Dysmenorrhea is a condition describing the painful cramps that women feel before or during the menstrual period. While dysmenorrhea is the most common gynecologic complaint affecting adolescent and young women and there has been significant progress in understanding its pathophysiology and managing the symptoms, many young women do not seek medical consultation and remain untreated.
The aim of the study was to explore the prevalence of dysmenorrhea, its physical impact, and associated coping behaviors among university students.
A total of 269 female college students volunteered to participate in the study. Data regarding the students’ experience with dysmenorrhea were collected via self-reported questionnaire developed based on relevant literature. Pain was scored on visual analog scale (VAS).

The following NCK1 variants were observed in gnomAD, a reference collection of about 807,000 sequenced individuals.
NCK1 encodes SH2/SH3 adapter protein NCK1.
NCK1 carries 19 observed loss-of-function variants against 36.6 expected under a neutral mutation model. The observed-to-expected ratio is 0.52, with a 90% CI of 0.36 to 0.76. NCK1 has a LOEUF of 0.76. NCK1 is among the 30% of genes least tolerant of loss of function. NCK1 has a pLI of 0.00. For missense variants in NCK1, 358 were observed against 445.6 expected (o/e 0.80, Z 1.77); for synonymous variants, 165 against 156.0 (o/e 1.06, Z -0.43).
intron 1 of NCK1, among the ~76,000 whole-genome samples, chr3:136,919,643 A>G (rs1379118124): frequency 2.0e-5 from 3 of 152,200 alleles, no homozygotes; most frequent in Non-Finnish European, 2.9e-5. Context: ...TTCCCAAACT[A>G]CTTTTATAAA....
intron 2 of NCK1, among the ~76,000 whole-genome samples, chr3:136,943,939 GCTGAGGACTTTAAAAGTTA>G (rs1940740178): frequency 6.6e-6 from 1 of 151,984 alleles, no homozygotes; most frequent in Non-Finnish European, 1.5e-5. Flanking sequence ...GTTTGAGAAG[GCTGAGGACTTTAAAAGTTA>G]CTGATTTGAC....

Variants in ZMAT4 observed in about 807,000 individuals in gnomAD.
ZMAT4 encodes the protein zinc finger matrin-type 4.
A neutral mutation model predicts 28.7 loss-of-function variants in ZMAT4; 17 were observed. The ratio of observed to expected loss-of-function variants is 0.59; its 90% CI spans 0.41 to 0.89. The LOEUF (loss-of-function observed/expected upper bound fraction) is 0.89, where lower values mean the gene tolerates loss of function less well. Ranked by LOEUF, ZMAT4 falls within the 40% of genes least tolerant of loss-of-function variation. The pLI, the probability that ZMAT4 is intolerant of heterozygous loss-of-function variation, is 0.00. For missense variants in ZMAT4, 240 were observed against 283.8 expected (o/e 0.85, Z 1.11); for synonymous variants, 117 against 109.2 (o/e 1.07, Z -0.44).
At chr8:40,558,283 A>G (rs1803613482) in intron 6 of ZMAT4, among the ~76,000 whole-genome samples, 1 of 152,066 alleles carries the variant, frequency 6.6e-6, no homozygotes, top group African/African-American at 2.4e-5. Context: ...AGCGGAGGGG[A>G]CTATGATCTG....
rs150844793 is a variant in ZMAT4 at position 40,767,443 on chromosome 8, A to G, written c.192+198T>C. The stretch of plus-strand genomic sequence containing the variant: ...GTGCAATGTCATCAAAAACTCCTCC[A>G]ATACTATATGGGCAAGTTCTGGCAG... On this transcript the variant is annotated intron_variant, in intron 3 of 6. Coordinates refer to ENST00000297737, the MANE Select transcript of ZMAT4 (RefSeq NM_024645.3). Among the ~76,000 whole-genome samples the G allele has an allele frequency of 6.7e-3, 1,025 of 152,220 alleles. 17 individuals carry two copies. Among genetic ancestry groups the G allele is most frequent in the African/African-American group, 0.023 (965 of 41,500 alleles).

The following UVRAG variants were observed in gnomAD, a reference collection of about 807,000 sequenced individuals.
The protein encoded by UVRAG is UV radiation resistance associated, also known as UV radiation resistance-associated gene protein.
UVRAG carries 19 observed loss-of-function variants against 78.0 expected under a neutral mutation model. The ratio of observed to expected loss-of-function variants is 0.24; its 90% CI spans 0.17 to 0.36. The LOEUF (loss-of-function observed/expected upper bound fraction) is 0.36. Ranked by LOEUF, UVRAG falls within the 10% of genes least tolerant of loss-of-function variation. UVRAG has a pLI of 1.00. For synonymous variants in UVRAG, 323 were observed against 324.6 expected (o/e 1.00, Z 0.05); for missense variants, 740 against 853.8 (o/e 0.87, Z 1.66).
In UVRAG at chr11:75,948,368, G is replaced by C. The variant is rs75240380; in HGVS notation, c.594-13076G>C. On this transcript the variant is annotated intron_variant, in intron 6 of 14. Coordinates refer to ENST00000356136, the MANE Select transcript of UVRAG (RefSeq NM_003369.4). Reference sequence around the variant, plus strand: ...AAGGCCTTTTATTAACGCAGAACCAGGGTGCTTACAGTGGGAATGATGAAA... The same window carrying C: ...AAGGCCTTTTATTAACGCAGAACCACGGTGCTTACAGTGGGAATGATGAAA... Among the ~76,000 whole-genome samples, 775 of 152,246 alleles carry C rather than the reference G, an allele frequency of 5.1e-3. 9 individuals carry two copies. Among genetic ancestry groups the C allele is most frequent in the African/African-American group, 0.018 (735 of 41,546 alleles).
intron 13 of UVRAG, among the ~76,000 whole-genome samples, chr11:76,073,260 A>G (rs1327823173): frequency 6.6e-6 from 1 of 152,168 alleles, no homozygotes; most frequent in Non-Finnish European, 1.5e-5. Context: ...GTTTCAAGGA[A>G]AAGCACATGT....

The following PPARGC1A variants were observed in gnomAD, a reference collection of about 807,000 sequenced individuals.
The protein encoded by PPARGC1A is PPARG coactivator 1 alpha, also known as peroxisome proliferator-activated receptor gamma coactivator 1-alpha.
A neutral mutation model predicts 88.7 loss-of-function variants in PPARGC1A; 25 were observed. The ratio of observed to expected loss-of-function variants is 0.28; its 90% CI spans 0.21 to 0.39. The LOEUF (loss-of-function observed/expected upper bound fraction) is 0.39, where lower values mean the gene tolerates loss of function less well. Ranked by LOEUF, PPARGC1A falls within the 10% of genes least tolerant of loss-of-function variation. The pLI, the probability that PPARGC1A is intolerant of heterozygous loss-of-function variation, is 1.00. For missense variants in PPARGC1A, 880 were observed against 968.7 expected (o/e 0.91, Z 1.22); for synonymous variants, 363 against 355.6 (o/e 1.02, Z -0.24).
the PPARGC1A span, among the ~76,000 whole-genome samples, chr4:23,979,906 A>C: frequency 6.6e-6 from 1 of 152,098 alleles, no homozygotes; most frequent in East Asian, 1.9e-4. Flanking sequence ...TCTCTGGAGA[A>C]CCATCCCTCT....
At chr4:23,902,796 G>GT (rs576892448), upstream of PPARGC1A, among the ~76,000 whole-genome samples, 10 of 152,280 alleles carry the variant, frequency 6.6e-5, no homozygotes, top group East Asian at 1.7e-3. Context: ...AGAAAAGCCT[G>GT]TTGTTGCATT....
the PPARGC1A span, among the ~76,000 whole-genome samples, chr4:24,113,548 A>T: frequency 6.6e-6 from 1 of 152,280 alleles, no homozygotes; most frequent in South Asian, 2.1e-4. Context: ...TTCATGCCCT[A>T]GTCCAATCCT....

Most respondents (84.01%) reported feeling pain in the abdomen and back (VAS score, 5.00). Mood swings (84.8%) and dizziness (48.2%) were, respectively, the most common affective and somatic symptoms related to menstruation. There was a significant difference in the amount of menstrual flow ( p=0.004) and incidence of dysmenorrhea ( p=0.03) according to menstrual regularity. Most students (91.2%) did not seek medical consultation for dysmenorrhea, and 62.4% used analgesics. However, no significant correlation ( p=0.25) was found between analgesic intake and pain relief. While most students (90.7%) did not miss exams, 48.7% reported poor satisfaction with their academic performance because of dysmenorrhea.
Dysmenorrhea is highly prevalent among college students, with many physical impacts and associated activity limitations. Collaborative efforts from health care providers, program coordinators, and parents should focus on increasing awareness and improving management strategies to treat dysmenorrhea.